As the Director from the Hawaii Research Center for Futures Studies, University of Hawaii with Manoa, Professor Dator emphasized that there was no way to make an accurate prediction of “the future”. Futures research is not merely about correctly forecasting the future; instead, it is about learning the varieties and sources of different “images of the futures”, which are expressions of beliefs, ideas, fears and expectations that people hold and express in regards to the futures.
After a comprehensive analysis of many images of the futures expressed in laws and regulations, government plus corporate documents, statements by political figures, public opinion polls, books plus essays, etc ., Professor Dator reached four generic images of the futures, or simply called four alternative futures. These four alternative futures can be called as “growth”, “collapse”, “discipline” and “transformation”.
The majority of all images of the futures are related to ” growth”, particularly ongoing economic growth. It appears that most nations would consider this to be the official see of the future of all governments and schooling systems: they aim to develop a society which keeps the economy growing plus changing forever, under the assumption that the society in the present form will keep grow in the manner that it presently will.
In recent years, “collapse” images of the futures are attaining some popularity as more people than usual worry about the unsustainable environment and economy. This can be a future with, for example , changed climatestar and sea-level, severely declined population, scarce water, food and natural resources, economies based on farming, fishing and hunting, plus absence of national borders and government authorities.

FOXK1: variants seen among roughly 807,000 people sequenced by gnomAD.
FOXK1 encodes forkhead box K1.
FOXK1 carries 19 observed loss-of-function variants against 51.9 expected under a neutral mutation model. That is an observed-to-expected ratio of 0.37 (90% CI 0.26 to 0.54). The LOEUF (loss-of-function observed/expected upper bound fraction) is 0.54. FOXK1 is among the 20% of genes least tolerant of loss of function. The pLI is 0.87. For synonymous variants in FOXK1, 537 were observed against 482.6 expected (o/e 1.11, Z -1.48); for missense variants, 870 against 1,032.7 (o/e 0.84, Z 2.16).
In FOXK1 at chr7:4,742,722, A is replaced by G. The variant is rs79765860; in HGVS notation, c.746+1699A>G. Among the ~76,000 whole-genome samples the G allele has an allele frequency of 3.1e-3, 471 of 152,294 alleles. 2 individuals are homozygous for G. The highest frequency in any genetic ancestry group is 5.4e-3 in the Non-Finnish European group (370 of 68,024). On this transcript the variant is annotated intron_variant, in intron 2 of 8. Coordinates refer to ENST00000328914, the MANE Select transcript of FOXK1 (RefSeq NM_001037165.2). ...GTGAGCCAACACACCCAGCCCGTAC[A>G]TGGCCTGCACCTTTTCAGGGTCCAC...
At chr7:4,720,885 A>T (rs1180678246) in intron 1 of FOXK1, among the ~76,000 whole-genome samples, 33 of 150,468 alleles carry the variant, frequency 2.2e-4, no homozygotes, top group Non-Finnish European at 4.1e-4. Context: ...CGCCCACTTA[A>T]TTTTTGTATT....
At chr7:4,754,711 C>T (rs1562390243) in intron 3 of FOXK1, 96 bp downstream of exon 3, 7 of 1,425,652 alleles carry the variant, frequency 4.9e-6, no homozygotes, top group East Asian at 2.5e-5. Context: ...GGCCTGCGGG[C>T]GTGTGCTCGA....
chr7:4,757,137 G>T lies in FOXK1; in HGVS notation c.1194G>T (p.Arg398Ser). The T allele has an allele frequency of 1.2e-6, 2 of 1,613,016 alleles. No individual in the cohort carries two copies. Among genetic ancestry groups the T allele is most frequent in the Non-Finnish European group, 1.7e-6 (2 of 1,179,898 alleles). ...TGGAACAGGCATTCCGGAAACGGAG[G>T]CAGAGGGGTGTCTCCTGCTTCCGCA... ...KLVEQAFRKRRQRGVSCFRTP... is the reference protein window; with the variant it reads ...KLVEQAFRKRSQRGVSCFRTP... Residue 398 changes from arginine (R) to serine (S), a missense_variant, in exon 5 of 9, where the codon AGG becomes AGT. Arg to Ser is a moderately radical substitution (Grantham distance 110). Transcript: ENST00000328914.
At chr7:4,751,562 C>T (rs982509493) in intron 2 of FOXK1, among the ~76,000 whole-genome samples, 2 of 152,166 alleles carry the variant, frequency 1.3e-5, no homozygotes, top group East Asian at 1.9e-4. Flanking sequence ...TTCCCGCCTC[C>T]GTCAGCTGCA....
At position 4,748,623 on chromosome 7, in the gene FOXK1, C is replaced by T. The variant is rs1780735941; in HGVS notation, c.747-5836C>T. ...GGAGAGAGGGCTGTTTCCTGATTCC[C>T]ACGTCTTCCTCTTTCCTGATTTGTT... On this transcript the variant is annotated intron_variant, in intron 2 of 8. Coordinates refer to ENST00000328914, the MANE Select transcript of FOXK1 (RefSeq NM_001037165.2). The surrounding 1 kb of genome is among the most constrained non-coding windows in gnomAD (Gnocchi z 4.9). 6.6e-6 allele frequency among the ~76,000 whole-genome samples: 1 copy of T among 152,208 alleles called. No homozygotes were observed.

In order to avoid “collapse” and in recognition of the impossibility and undesirability of continued growth, many people share a “disciplined” images of the futures, in which people’s lives are governed simply by and “disciplined” around a set of basic values such as natural, spiritual or even cultural ones in pursuit of a deeper purpose in life than endless financial growth.
Your fourth alternative future is “transformation” where many technologies are converging quickly in such a way to transform the society, including humanity from its present form into a new post-human form. The one thing that people still do better than their machines in this future is to be imaginative plus creative.
Professor Dator emphasized that no single future could be regarded as the best or the worst. Each future makes very different assumptions about a number of driving forces; therefore , whenever stakeholders envision the futures of education, all the four alternative futures should be equally and fully regarded as and should avoid privileging one on the others. He also pointed out that concern of plausible alternative futures would be a necessary step that must be undertaken just before trying to move towards preferred social futures or preferred educational processes. Otherwise, a naïve preferred long term will be likely merely a response to current or past problems without getting ready to address actual problems and possibilities yet to come. Finally, in talking about futures of education, Professor Dator stated that he believed that schooling planning and policies should, as far as possible and appropriate, be guided by prior futures foresight routines.
For more information, please get in touch with Ushio Miura [u.miura(at)unesco.org] or Antony Tam [kh.tam(at)unesco.org] at the Education Policy plus Reform Unit.
Written by Antony Tam [kh.tam(at)unesco.org]
• SEAMEO Consultation and Workshop upon Post-2015 Education Scenarios and Post-EFA Education Agenda in Southeast Asia
• Alternative Futures at the Manoa School, Journal of Futures Studies, November 2009, 14(2): 1-18